Barbie follows Margot Robbie’s titular doll, as her perfect life in Barbieland is disrupted by thoughts of death. She sets out to find her owner in the real world who could be the cause, with Gosling’s Ken in tow, and ends up combating the patriarchy and coming into her own humanity with the help of a Mattel worker (America Ferrara), her daughter (Ariana Greenblatt), a “weird Barbie” (Kate McKinnon) and a host of other dolls. It’s a lot! There are dance numbers, gynecology, dream sequences and a bangin’ soundtrack!
There are also a lot of attempts to say something. Like much of her past work, including Lady Bird and Little Women, Gerwig has not shied away from identifying Barbie as a feminist film, particularly as an attempt to reckon not only with the doll’s complicated history for women, but also with capitalism.
To that end, it’s fitting that we got a film like Barbie just as Twitter seems to be entering the tighter rings of its death spiral, as the film is ripe with the sort of discourse Twitter loves. On release day, NBC published the article “Turns out, Barbieland isn’t as gay as its queer fans had hoped,” while Twitter was full of contrary takes: that the film was not trans enough, that is was secretly a full-on trans allegory, that it was not gay enough and that it was actually super super gay.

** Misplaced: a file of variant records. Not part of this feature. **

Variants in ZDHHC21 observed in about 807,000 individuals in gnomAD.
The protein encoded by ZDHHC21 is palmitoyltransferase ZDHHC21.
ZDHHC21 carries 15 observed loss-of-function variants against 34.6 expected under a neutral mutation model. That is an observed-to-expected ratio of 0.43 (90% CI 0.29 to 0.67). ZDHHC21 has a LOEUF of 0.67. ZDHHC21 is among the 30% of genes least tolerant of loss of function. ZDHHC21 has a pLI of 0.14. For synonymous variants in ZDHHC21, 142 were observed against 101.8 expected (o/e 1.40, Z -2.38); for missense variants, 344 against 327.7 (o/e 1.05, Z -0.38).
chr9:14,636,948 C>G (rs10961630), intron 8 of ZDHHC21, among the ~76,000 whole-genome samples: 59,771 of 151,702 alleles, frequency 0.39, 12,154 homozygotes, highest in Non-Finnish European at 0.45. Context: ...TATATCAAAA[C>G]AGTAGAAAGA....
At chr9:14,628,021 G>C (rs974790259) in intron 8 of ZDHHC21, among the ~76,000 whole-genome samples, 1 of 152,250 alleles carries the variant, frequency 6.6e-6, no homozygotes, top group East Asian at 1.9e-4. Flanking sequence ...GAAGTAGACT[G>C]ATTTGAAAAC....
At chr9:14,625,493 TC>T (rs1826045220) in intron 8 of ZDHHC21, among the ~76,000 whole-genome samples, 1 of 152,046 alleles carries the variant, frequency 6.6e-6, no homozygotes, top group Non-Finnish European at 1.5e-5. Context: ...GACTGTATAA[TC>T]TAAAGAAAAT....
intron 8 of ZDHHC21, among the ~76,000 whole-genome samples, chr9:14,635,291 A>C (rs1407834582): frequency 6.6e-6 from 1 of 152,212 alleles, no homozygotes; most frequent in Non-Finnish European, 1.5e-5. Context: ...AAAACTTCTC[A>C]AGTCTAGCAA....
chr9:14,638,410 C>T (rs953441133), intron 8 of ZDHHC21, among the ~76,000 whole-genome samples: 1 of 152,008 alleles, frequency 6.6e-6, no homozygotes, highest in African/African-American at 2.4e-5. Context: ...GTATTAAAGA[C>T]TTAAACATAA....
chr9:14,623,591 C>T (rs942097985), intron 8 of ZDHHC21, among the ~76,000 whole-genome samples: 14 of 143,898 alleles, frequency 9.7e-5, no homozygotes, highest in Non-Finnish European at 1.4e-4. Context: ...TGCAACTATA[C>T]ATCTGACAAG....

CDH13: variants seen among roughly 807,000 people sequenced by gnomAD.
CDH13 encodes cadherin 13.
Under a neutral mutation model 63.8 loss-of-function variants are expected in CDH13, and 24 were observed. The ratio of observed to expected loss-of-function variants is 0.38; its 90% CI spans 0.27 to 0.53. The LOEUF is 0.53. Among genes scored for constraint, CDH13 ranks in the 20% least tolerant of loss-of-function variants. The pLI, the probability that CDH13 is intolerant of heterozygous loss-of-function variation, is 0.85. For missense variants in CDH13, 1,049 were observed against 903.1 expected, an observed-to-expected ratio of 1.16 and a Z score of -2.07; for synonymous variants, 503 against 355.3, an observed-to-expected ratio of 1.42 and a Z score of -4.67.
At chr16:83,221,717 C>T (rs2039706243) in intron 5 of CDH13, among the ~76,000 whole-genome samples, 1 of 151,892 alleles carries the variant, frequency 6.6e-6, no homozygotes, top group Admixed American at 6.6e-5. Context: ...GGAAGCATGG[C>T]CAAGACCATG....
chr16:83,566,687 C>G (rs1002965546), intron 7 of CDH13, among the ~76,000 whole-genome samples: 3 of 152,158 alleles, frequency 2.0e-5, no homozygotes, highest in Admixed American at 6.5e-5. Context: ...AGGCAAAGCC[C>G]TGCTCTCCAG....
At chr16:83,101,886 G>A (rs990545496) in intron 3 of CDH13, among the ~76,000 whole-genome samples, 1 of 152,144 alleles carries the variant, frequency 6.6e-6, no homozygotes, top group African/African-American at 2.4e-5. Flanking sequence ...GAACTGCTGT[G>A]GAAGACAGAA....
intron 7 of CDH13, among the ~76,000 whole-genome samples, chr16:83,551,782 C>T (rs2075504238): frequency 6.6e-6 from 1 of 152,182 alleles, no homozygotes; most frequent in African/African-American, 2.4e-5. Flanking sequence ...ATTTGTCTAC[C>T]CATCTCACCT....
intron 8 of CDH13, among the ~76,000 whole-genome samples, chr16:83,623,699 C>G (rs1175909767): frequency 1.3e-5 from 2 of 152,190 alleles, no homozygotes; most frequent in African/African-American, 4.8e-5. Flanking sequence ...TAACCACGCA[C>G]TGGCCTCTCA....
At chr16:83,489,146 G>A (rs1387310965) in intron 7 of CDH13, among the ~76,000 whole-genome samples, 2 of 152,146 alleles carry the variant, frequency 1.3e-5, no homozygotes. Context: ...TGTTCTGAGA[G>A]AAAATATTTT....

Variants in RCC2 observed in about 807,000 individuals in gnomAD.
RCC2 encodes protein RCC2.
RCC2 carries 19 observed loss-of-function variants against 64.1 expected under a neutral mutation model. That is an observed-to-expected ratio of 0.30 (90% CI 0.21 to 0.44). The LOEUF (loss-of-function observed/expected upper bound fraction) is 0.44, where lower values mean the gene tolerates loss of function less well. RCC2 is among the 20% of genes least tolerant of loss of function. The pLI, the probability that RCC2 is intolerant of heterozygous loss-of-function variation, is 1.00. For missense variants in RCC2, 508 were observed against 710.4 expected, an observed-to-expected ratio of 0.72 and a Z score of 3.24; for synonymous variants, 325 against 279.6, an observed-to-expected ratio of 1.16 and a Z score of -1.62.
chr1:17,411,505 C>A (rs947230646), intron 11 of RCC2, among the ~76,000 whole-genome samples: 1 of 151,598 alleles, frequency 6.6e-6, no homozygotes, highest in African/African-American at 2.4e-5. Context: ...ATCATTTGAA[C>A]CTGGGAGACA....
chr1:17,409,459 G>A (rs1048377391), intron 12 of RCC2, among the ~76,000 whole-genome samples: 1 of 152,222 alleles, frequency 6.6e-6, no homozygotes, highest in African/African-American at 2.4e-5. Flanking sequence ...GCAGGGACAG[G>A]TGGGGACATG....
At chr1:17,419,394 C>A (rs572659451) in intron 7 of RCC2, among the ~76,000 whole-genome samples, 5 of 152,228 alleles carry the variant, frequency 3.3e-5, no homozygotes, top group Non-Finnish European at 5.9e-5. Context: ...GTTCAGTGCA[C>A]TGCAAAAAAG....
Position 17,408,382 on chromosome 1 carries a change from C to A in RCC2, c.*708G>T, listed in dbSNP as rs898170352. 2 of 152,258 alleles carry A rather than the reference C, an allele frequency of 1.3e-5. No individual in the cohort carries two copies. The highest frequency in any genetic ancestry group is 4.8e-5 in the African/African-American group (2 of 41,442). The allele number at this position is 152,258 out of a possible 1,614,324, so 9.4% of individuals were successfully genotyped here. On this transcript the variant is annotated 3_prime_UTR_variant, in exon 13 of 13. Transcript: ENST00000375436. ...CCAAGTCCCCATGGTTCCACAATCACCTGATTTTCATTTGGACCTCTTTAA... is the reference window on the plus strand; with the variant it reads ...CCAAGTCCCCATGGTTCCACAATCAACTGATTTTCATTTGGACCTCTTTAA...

Taking the film on its surface and what Gerwig is trying to accomplish when it comes to feminism, it’s only partially successful as a progressive opus. The film’s been praised for its feminist messaging, but it’s also a film that ends up enforcing a strictly defined gender binary between Barbies and Kens. Men are one way (unless you’re Michael Cera’s queer-coded Allan) and women are another. The differences between Barbies and Kens are hammered home over and over and over, and in this current moment of attack on trans and gender-diverse folks, this sort of essentialist division is not particularly the brand of feminism I’m clamouring for.